Konrad's journal of Highpower Rifle Competition

"Mental Focus. Not Equipment Hocus Pocus."

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Some Background

Sometimes people ask me how I got started in highpower or what the purpose of this web site is.



I have always been interested in history, especially World War II. That, coupled with seeing some of the military rifles that my Dad had, gave me the desire to buy an M-1 Garand. Unfortunately, when I was in college in the late 80's and early 90's M-1s were more than my meager finances would allow. Then in 1991 my Dad told me that the Department of Civilian Marksmanship was selling Army surplus M-1s to the public for $165. You could only buy one in your lifetime and you had to show proof of at least 100 rounds of competition activities. A local club (Sycamore Sportsman's Club) was holding monthly Garand clinics on their 100 yard range. Each clinic consisted of a lecture and firing the 50 shot National Match Course on the reduced target.

On April 13, 1991 I fired in my first competitive clinic with a loaner Garand and shot a score of 166 out of a possible 500. I didn't shoot any x's and there was only one 10 (in sitting). There were 26 misses. My second clinic was considerably better and I scored a 235 over the same course of fire. Although not only did I not shoot any x's again, I didn't even shoot a single 10. But by now I had enough shots to apply to get the rifle. So I gathered my proof of competition along with my FBI fingerprint card and mailed them to Washington D.C.

The rifle finally arrived in June of 1993 and I had that piece of history that I wanted. But I was slightly intrigued with this service rifle competition "thing". By the beginning of 1994 I had graduated from college and had a job which didn't leave me a lot of time to shoot. Over the next several years I would go back and fire in an occasional clinic but it wasn't until 1996 when I fired in actual NRA sanctioned competition. A few times I shot in an American Legion league team match at our state association range. For me these were big-time matches because there were pits and the range went out to 300 yards. Also competing in these league matches were the top shooters in the state. Their team was usually squadded at the other end of the range from me so I never talked to them. But they were shooting scores that I couldn't even fathom. For someone who was shooting in the upper 300's with his Garand, some ball ammo, and a cloth shooting jacket, a score of 490 was difficult to comprehend.

By the winter of 1997-98 I had decided that I would like to try my hand at being at least somewhat competitive in highpower. So that spring I bought a second hand M1A, a glove, a stool, a mat, etc. and proceeded to shoot more matches. 1998 was the first year that I competed at Camp Perry when I shot in the President's match and the N.T.I. (both in the rain). At that point I was hooked. At Camp Perry I finally replaced the cloth smallbore shooting jacket that I was using with a nylon one.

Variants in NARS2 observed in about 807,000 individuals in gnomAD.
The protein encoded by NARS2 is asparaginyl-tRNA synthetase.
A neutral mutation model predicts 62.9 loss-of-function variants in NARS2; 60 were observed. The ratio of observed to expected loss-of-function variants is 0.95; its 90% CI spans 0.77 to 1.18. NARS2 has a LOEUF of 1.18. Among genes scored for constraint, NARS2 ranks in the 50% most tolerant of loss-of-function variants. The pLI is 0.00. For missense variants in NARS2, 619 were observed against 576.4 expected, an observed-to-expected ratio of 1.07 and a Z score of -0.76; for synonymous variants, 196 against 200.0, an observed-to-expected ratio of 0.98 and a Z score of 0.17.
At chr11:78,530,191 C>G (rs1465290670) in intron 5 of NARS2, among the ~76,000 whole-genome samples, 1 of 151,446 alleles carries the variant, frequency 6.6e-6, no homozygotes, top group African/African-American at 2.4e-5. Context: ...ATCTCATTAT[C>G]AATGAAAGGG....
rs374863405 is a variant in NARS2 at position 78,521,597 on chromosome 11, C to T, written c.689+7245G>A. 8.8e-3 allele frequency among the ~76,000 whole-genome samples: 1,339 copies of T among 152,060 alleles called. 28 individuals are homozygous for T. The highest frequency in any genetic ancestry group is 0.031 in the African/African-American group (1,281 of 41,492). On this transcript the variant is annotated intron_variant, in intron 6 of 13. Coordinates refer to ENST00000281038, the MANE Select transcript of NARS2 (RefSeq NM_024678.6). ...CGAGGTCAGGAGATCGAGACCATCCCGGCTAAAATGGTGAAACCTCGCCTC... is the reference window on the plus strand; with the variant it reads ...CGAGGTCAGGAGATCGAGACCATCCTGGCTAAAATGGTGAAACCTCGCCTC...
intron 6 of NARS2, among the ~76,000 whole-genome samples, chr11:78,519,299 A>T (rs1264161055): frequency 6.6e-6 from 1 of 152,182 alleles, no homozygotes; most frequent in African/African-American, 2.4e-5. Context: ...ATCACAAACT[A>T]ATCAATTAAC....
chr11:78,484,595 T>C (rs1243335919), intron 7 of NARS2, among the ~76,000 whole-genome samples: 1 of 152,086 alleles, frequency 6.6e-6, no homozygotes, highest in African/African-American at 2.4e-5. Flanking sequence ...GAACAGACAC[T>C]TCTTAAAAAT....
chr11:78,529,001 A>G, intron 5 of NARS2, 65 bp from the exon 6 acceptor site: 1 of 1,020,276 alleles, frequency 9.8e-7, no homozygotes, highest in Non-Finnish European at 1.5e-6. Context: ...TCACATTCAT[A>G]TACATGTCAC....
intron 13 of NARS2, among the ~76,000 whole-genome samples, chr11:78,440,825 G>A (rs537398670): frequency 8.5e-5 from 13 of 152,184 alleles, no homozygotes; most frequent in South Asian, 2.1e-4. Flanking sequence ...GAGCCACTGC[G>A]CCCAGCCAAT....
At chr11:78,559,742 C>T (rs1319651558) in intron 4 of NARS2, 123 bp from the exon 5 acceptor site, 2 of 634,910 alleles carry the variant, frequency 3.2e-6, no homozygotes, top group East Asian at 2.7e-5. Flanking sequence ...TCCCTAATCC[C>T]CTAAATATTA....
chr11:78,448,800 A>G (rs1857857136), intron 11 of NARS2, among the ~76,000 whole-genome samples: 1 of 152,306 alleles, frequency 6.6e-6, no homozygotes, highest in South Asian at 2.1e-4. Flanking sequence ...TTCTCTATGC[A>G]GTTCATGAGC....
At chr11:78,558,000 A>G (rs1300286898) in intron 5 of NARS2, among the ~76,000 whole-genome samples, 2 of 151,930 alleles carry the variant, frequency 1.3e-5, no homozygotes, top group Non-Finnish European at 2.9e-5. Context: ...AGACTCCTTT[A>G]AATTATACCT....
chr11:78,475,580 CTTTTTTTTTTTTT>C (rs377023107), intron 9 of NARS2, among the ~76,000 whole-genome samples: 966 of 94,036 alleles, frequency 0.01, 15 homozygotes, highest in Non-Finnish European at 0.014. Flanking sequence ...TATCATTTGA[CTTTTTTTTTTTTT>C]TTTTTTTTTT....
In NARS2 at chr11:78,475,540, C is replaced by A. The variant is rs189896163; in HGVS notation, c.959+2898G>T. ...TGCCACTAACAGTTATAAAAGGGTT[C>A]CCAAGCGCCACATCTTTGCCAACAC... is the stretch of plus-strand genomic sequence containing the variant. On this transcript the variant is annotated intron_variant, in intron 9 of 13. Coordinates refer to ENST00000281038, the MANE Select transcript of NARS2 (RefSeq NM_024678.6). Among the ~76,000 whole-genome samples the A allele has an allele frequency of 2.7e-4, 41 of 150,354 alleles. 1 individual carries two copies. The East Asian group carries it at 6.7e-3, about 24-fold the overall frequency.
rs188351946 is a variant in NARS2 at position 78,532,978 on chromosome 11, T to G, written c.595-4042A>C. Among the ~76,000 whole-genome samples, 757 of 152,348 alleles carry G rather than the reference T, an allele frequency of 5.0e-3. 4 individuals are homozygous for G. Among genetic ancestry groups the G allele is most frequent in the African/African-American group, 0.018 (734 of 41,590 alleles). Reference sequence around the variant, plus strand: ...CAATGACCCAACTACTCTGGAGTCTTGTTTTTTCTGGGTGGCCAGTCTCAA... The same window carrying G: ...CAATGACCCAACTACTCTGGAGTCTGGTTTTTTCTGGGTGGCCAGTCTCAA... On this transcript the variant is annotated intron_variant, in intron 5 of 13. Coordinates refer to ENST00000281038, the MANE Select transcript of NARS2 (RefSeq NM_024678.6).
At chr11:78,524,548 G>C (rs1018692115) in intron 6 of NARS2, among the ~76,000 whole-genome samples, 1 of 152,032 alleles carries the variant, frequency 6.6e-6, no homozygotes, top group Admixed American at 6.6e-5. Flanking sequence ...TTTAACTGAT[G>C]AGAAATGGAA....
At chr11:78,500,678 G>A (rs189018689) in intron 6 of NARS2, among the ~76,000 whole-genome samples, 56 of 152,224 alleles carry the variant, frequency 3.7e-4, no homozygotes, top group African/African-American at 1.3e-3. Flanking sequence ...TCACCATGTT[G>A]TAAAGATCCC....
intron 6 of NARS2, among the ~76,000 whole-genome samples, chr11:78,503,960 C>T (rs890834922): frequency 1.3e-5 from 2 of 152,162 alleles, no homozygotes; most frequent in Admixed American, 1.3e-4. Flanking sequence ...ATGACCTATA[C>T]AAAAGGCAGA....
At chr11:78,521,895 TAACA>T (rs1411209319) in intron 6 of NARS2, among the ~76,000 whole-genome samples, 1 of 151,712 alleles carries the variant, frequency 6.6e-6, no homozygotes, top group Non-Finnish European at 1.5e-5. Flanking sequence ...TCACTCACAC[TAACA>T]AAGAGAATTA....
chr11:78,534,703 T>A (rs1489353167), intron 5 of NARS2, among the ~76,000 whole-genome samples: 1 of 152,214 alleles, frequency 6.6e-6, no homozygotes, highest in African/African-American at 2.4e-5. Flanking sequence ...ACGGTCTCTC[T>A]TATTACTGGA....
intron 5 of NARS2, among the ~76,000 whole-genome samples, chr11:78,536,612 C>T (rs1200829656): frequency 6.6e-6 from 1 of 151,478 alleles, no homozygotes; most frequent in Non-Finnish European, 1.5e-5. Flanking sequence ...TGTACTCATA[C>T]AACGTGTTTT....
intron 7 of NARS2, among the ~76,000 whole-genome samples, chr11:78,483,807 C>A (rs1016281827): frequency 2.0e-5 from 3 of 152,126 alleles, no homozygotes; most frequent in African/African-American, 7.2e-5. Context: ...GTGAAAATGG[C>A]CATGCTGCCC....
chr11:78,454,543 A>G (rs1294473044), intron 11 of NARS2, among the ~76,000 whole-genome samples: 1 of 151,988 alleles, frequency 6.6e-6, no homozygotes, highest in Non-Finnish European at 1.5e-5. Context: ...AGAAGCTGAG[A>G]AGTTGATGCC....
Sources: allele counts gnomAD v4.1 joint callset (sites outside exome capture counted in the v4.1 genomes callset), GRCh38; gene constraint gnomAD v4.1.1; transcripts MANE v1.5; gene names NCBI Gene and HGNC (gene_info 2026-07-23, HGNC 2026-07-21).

After that I just kept on shooting more and more matches each year with the intention of getting better. While the improvements were fairly easy to achieve in those early days they are quite a bit more challenging now. Just making a small gain requires some serious analysis on my part. But that's part of the challenge.


This web site

During the years that I was shooting and trying to improve I would think about my good days and bad days. While I knew what was going through my mind, what other shooters were thinking was still quite a mystery. Were they disappointed when they shot below their expectations? Did they ever cross-fire or save shots in rapid fire?

In time I discovered that other competitors had their ups and downs just like I did. The reaction to a good or bad day depended on that shooter's commitment and personal philosophy. There weren't too many others that analyzed their performance like I did but there was a common thread in being focused on improving and shooting better.

So I created this website to illustrate what goes through my mind during the course of the season. I wanted a way for the newer shooter to see that someone else goes through the same frustrations and elations that they do. While these experiences and emotions are my own, they are found in many highpower shooters at all levels. While we're all different, we're pretty much the same.